Pam Allyn’s how to guide does prescribe books for certain times and ages in a child’s life but it goes deeper than just an annotated bibliography. I defy anyone to describe the unique and special bond of reading aloud to one’s child more eloquently than in Allyn’s introduction: “The good news, wondrously, is that the world is full of literature written by people who know you are longing to make connections and are striving to put a voice to them.” This is a book for parents and caregivers, first and foremost.
What to Read When begins with Allyn’s top ten reasons to read aloud. Of course, anyone reading this book will have already drunk the need-to-read Kool-Aid but it is useful to look at the impact of reading on a child and the subtle messages that your reading choices send. When it comes to the crux of the matter, Allyn not only looks at chronological age but also emotional age, helping you to select books that speak to your child where he or she is in both contexts.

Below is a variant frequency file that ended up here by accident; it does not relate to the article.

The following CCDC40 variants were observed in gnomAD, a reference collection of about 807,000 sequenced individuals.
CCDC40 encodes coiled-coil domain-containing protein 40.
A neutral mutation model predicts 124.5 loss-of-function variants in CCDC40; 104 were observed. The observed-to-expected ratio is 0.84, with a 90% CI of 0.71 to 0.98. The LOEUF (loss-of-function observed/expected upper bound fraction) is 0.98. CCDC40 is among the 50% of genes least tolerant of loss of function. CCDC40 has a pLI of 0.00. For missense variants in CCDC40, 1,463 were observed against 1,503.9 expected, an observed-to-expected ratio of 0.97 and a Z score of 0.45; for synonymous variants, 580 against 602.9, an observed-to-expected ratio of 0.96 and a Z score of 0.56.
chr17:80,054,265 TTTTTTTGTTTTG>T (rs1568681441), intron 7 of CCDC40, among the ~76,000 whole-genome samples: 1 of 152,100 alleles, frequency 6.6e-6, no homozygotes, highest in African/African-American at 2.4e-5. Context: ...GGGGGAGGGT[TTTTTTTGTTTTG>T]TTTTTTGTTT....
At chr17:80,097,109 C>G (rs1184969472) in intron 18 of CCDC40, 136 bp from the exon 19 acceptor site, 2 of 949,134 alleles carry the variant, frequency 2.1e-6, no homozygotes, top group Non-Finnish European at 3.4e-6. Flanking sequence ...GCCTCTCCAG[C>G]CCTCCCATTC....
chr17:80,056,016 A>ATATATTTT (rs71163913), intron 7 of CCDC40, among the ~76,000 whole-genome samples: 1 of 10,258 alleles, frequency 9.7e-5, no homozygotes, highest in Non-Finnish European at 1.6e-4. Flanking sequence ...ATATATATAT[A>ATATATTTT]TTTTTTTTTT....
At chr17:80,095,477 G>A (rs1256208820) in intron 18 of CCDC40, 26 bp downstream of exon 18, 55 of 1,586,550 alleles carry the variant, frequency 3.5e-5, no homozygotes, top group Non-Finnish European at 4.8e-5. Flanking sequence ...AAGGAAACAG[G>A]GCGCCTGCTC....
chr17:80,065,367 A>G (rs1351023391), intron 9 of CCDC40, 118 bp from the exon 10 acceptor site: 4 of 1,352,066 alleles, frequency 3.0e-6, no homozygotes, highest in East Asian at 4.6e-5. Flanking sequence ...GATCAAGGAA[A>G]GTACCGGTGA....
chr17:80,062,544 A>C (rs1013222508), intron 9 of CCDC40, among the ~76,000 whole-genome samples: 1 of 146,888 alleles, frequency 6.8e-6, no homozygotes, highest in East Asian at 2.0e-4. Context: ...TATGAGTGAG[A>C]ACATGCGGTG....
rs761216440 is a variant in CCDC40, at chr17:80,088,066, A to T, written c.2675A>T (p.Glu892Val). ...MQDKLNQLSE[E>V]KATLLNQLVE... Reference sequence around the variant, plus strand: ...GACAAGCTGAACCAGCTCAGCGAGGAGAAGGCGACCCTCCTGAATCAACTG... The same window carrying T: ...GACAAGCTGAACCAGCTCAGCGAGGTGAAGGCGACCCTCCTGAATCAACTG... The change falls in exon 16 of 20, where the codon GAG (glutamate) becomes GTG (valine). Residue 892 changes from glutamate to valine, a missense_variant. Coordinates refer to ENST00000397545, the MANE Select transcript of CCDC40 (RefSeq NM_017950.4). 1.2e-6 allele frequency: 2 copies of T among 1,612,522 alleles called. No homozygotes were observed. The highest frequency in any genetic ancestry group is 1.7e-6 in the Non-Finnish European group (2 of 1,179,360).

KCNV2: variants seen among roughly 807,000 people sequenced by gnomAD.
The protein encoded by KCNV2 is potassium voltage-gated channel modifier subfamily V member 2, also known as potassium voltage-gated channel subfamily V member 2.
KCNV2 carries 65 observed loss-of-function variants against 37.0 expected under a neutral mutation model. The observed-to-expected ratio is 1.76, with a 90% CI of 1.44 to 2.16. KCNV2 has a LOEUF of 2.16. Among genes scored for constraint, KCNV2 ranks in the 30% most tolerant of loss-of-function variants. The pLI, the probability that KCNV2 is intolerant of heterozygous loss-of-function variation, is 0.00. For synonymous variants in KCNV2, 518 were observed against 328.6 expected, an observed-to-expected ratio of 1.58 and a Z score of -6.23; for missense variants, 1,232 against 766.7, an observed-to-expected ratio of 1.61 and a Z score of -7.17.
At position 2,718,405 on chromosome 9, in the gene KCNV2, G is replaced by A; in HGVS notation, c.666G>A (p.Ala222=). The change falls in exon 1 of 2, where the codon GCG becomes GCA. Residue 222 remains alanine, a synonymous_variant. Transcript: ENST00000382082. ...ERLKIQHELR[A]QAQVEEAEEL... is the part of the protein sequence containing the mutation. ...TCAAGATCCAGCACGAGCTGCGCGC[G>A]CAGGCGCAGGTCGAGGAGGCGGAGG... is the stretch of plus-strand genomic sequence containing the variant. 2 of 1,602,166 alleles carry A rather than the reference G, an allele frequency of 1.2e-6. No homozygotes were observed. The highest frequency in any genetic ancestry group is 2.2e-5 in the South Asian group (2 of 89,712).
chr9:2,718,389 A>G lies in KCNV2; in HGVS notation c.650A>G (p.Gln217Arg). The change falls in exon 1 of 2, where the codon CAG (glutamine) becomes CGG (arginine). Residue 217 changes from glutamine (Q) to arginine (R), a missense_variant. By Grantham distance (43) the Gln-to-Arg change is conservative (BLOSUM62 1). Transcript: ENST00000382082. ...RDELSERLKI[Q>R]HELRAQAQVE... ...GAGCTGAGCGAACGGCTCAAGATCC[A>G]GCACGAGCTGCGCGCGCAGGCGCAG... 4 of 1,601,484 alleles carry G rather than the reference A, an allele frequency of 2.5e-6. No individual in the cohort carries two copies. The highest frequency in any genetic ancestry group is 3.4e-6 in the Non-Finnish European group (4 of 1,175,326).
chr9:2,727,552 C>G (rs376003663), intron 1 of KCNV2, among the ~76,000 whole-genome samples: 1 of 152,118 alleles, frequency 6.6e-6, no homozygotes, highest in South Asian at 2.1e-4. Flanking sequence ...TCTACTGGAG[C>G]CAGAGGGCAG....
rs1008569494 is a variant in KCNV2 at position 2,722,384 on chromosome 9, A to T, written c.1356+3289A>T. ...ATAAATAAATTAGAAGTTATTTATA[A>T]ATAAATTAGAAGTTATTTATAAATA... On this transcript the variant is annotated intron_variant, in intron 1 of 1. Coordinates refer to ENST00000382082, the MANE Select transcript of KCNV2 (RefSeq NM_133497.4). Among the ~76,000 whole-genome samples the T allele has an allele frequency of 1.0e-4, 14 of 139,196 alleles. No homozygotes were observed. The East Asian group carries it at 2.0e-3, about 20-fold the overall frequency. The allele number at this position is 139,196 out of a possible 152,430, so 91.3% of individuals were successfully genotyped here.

As with any book of this kind, the selections are entirely subjective and while a parent may be astonished that a childhood favorite is not included, take this as an opportunity to discover potential future favorites as you are led by this thoughtful and wide-ranging guide. Allyn’s thematic approach enables the reader to zero in on what is most likely to interest a child. “Building, Making and Creating: The World of Mechanical Things” is a great jumping off point for young children who love their erector sets. On the other hand, if a child is trying to make sense of a world at war, “Building Peace, Confronting War, and Talking With Your Child About World Events” may be the section you need when those questions arise.
A straightforward list in the appendix presents the titles and themes in list form for easy reference.
– Reviewed by Ellen Myrick